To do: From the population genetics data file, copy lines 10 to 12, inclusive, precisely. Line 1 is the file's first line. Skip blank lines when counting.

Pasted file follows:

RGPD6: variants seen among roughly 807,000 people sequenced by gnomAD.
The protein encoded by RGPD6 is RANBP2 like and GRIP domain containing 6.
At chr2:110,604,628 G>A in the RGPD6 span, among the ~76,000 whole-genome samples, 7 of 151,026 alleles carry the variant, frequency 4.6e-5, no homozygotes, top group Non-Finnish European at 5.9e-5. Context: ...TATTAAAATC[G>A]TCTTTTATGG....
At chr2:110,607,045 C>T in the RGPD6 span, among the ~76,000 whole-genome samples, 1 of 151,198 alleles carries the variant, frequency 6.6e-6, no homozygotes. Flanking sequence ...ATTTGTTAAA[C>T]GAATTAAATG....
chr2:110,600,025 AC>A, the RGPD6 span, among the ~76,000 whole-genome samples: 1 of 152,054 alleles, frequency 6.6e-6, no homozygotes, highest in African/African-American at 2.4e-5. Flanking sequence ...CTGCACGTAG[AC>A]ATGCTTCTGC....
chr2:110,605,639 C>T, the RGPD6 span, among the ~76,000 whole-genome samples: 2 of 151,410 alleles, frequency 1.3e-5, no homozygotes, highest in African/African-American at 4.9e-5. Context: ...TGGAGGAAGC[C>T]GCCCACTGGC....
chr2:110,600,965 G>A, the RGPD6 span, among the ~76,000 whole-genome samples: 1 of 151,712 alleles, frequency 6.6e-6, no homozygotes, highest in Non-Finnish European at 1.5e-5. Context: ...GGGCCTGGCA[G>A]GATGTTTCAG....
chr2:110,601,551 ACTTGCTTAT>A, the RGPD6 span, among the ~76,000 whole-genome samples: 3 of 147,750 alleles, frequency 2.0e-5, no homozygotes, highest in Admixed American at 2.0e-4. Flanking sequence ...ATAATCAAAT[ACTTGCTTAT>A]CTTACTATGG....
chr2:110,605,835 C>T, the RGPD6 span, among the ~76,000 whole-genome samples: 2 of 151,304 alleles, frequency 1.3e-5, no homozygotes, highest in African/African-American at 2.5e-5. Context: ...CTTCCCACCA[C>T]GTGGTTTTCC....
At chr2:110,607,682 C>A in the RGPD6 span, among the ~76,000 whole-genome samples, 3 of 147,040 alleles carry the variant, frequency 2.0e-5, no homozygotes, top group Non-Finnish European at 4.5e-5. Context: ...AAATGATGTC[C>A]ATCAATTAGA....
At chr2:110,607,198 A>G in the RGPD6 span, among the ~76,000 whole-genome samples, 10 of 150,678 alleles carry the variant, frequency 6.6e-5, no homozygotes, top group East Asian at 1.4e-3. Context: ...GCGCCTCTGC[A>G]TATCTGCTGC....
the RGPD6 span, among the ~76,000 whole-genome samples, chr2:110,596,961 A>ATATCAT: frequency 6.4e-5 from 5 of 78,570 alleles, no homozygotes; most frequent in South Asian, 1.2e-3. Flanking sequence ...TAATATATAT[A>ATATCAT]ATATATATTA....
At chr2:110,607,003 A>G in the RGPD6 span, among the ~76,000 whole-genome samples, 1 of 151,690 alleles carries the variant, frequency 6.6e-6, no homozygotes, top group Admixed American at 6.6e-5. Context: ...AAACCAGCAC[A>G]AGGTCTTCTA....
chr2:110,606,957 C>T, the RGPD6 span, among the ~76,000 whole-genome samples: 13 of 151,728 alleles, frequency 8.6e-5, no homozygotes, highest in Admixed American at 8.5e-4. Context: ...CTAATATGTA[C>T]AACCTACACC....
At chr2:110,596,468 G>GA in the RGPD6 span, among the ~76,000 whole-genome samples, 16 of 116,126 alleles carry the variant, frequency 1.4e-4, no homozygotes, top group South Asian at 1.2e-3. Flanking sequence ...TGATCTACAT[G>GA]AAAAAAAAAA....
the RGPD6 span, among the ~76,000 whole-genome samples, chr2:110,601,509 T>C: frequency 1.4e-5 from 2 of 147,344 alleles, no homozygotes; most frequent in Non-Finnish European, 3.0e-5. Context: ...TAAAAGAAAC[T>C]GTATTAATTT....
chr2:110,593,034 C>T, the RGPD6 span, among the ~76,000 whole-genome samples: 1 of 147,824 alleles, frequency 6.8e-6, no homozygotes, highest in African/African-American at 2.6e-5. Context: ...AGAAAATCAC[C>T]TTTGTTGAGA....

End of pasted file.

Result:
At chr2:110,607,682 C>A in the RGPD6 span, among the ~76,000 whole-genome samples, 3 of 147,040 alleles carry the variant, frequency 2.0e-5, no homozygotes, top group Non-Finnish European at 4.5e-5. Context: ...AAATGATGTC[C>A]ATCAATTAGA....
At chr2:110,607,198 A>G in the RGPD6 span, among the ~76,000 whole-genome samples, 10 of 150,678 alleles carry the variant, frequency 6.6e-5, no homozygotes, top group East Asian at 1.4e-3. Context: ...GCGCCTCTGC[A>G]TATCTGCTGC....
the RGPD6 span, among the ~76,000 whole-genome samples, chr2:110,596,961 A>ATATCAT: frequency 6.4e-5 from 5 of 78,570 alleles, no homozygotes; most frequent in South Asian, 1.2e-3. Flanking sequence ...TAATATATAT[A>ATATCAT]ATATATATTA....